Turning the Tables on a Coffee Journalist

Jimmy

Jimmy Sherfey is a journalist who writes for coffee industry trade journals such as Roast Magazine and culinary websites such as Eater.com.

How long have you been writing about coffee and how did you get started?

I’ve been writing about coffee for a little over two years now. I first started out when Jeff Taylor from PT’s Coffee let me and photographer Nate Robinson meet up with him in El Salvador during one of his sourcing trips. To go to coffee’s origin and see firsthand how many steps go into quality coffee is not unlike the moment you realize that coffee is good. There is this whole world to which you are oblivious and suddenly you happen upon it, and only want to experience more of it.

Prior to that Central America trip, my little brother, Jeff, was the one who introduced me to amazing coffee. When we both lived in Athens, GA in 2010, I remember thinking it odd that he was going to “cup” coffee in the warehouse with the 1000 Faces people. It’s just coffee, right?

When Jeff moved to Chicago, I always visited him at the cafe he worked at in Wicker Park, The Wormhole Coffee. They had a very good crew and it was inspiring to see a fun, intelligent group of kids who were actually serious about making good coffee.

How is writing about coffee different from other food or beverage categories?

You could spend a lifetime learning about the intricacies of coffee. It’s been said that one can find the entire universe within the subcontinent of India. I’ve never been to India, but if there is truth to that, I feel like coffee is the India of the food and beverage realm. If there’s another drink or gustatory ritual that offers a greater level of complexity, or a more comprehensive inclusion of citizens across the human race, I haven’t encountered it. Carrboro Coffee’s tagline is that “Coffee Unites the World,” and I couldn’t agree more. Maybe tea tells a similar story, but I don’t think I have the energy to pore through it at this point. Now that I’m down the coffee rabbit hole, I’m excited to explore the numerous tangential worlds attached to it. I mean, as an industry we could write volumes about the socio-economic implications alone.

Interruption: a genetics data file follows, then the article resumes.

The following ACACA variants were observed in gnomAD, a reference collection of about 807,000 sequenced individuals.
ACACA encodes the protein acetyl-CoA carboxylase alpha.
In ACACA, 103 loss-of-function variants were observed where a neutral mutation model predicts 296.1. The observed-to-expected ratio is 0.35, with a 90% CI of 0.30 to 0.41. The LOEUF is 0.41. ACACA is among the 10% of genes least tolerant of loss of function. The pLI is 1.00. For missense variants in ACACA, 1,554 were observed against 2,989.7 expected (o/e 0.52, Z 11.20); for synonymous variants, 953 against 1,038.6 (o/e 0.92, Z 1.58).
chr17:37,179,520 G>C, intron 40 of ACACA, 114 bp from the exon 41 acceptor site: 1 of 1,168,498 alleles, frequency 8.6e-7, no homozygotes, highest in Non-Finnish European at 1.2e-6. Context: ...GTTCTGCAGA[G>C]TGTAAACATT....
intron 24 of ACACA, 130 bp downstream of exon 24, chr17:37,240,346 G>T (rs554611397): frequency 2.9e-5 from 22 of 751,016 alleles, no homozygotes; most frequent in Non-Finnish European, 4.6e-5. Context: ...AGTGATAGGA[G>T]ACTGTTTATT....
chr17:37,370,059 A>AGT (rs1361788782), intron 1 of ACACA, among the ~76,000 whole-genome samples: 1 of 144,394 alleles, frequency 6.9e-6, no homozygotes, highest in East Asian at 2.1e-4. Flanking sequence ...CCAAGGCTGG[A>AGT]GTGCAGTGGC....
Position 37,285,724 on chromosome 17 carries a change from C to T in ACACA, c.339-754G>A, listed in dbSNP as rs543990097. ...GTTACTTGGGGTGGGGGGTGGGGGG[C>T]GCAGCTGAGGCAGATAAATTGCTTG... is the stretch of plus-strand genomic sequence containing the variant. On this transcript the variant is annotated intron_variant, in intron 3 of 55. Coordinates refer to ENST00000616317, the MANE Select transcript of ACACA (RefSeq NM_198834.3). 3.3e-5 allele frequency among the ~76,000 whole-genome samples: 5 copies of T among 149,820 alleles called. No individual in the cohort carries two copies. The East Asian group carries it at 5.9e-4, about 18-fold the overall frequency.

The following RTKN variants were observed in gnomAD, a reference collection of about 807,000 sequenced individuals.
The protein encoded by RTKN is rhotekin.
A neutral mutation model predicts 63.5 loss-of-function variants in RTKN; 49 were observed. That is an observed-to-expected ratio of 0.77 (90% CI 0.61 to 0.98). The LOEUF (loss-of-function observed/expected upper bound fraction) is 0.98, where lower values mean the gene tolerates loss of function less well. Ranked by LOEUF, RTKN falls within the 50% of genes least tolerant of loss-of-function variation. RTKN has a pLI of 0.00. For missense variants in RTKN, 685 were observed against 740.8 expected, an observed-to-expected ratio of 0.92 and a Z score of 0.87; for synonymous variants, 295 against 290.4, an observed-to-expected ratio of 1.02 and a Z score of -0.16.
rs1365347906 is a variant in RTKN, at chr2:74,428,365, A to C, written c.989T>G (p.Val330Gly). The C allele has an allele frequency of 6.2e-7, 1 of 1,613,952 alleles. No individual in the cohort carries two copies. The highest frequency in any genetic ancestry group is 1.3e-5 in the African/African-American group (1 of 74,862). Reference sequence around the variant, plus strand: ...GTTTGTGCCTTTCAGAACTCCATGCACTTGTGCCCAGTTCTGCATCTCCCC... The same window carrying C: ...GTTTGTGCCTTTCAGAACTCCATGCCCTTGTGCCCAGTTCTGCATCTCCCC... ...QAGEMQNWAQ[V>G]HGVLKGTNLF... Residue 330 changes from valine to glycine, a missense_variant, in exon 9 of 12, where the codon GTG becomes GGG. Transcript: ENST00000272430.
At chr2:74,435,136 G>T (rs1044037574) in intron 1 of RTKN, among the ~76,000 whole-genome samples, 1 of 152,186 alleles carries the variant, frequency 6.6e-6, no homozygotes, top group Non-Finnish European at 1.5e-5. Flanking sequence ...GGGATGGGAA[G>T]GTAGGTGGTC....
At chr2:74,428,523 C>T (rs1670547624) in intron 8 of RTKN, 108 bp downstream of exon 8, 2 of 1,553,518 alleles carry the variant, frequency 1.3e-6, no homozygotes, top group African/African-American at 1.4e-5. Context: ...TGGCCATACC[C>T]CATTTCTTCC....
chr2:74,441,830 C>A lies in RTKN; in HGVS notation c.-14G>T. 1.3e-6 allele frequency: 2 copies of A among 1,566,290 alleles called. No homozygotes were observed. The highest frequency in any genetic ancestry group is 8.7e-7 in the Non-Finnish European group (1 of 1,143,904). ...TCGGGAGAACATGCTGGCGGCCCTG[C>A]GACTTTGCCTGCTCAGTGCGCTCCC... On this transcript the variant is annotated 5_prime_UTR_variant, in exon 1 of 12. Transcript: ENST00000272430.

How would you compare the level of interest in coffee-related content among your readership to other types of content?

If you spend much of your time thinking about, writing about, and drinking coffee, it’s pretty easy to get tunnel vision. That’s a common gripe on the roaster side of the industry, too. And I get it. That said, there’s a reason that coffee is so universally appreciated. People see the word and get excited about it. Writing for online publications, it’s like a silver bullet meta-tag. We could give any coffee-related article the simple title of “coffee,” and I suspect we would neither lose nor gain readership under that rule.

What types of topics seem to be most interesting to your readers or elicit the most response?

Since coffee is super versatile, anytime you marry it with some sort of special interest you’re bound to pique interest among readers that straddle both worlds: The intersection of coffee and the outdoors, coffee and cycling, coffee through an anthropological lens. Our culture is such that people like to have a good lay of the land with respect to the proverbial icebergs, even if we don’t move past the tips of them. At its worst, news is just sort of a glancing whip-around of the big stories, so at the bar we can all say “Oh yeah, I know about that.” So any kind of tectonic shift or larger trend will attract more people so that they can understand where a given subject is headed. For mainstream audiences looking at the world of coffee it’s: What’s going to happen with Keurig, Starbucks, Dunkin Donuts, etc.? Or what’s this whole third-wave thing about. Also anything Drizzy-Drake-related—which I’m all for. I’d love to know Drake’s coffee ritual.